The earliest evidence of swimming dates to some 10,000 years ago, when Neolithic people living in what is now southwest Egypt painted individuals performing the breaststroke or doggy paddle on the walls of the Cave of Swimmers. Swimming endured throughout the classical period, with ancient texts including the Bible, Homer’s Odyssey, the Epic of Gilgamesh and the Chinese Book of Odes all containing references to the practice.
The advent of the medieval era—with its rising “prudery” and insularity, as well as its lack of sanitation and efficient infrastructure—quickly brought this “golden age” of swimming to an end; in Europe, at least, “swimming slipped into the dark for a full millennium,” writes Means.
During the 15th, 16th and 17th centuries, swimming was more closely associated with witchcraft than leisure. The practice only regained popularity during the Enlightenment period, when such prominent figures as Benjamin Franklin and Lord Byron reminded the public of its merits. By 1896, swimming had regained enough popularity to warrant its inclusion in the first modern Olympic Games.
Feasting Wild: In Search of the Last Untamed Food by Gina Rae La Cerva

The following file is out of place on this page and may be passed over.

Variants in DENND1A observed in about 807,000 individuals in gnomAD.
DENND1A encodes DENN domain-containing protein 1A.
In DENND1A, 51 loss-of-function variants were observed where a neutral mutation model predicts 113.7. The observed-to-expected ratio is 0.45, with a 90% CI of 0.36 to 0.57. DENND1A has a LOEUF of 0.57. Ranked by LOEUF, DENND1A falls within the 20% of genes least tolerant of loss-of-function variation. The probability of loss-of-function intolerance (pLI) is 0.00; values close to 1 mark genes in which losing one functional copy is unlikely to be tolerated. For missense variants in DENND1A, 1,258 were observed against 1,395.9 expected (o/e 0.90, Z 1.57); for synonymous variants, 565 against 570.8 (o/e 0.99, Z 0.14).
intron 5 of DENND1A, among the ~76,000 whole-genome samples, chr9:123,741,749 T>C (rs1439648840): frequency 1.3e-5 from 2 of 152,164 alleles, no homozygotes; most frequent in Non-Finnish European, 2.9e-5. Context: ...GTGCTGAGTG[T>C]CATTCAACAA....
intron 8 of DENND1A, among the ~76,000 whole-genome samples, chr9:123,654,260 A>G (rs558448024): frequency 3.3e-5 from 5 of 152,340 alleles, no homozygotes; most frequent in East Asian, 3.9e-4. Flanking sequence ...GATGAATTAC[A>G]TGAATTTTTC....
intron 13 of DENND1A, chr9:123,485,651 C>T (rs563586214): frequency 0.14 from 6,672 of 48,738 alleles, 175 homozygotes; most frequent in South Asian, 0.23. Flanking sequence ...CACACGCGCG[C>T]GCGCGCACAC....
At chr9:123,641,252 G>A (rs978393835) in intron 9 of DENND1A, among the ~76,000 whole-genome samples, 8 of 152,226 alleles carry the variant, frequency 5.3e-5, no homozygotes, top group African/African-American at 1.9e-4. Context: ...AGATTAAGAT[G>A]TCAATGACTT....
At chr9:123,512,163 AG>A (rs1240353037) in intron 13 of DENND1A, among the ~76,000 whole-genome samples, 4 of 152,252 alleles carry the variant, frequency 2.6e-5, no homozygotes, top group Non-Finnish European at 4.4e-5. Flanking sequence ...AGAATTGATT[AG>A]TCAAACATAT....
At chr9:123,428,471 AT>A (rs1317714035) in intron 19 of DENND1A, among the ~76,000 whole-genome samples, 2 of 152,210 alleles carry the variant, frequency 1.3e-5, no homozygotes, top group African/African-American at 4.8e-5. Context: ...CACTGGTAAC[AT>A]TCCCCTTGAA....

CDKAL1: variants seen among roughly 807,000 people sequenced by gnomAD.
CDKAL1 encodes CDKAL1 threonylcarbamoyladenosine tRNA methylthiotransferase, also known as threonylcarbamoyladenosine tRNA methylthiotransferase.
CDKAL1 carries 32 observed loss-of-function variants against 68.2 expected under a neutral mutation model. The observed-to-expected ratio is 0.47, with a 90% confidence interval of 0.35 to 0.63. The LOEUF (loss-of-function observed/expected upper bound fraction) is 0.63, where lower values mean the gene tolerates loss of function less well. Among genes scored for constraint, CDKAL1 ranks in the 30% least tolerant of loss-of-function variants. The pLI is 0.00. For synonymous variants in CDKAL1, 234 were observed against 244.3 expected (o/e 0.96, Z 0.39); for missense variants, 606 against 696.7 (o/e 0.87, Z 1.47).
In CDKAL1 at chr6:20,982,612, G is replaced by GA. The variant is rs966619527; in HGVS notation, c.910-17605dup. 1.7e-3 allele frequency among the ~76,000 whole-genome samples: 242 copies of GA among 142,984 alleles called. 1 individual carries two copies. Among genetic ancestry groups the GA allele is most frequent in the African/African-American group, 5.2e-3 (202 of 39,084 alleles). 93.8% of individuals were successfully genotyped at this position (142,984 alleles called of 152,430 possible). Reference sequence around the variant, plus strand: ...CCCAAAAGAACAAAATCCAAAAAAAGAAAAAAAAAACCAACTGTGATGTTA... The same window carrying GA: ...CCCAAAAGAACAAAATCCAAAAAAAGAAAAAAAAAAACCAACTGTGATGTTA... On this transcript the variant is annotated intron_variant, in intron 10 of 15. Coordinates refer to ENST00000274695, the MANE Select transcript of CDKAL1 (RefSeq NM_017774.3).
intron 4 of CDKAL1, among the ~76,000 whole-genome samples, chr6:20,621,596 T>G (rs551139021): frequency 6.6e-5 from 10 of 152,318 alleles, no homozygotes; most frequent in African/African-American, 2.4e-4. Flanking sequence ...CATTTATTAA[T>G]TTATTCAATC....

Part memoir, part travelogue and part culinary adventure, Feasting Wild examines “humans’ relationship to wild food and the disappearing places and animals that provide it,” according to Publishers Weekly. Broadly defined as fare foraged, hunted or caught in the wild, the “untamed” foods detailed in geographer and anthropologist Gina Rae La Cerva’s debut book hail from such diverse locales as Scandinavia, Poland, Borneo, the Democratic Republic of Congo, New Mexico and Maine. Once “associated with poverty and subsistence,” writes La Cerva, wild foods including broad-leaved garlic, bushmeat, sea buckthorn flowers and moose meat are now viewed as luxuries, reserved for five-star restaurants that cater to an elite clientele.
La Cerva argues that this shift in perception stems from the onslaught of “settler-colonialism,” which used the dichotomy of wild versus tame to “justify violent appetites and the domination of unfamiliar cultures and places.” Within a few centuries, she adds, “the world [had] traded wild edibles at home for exotic domesticates from abroad.”
The flipside of this “fetishization of need” is the standardization of humans’ diets. As wild places across the world vanish, so, too, do undomesticated or uncultivated plant and animal species. Preserving wild foods—and the knowledge imparted by the women who have historically collected and cooked them—is therefore “fundamentally about recovering our common heritage,” writes La Cerva. “The urgency of the environmental crisis is precisely why we must slow down, take time, [and] become complicated in our actions.”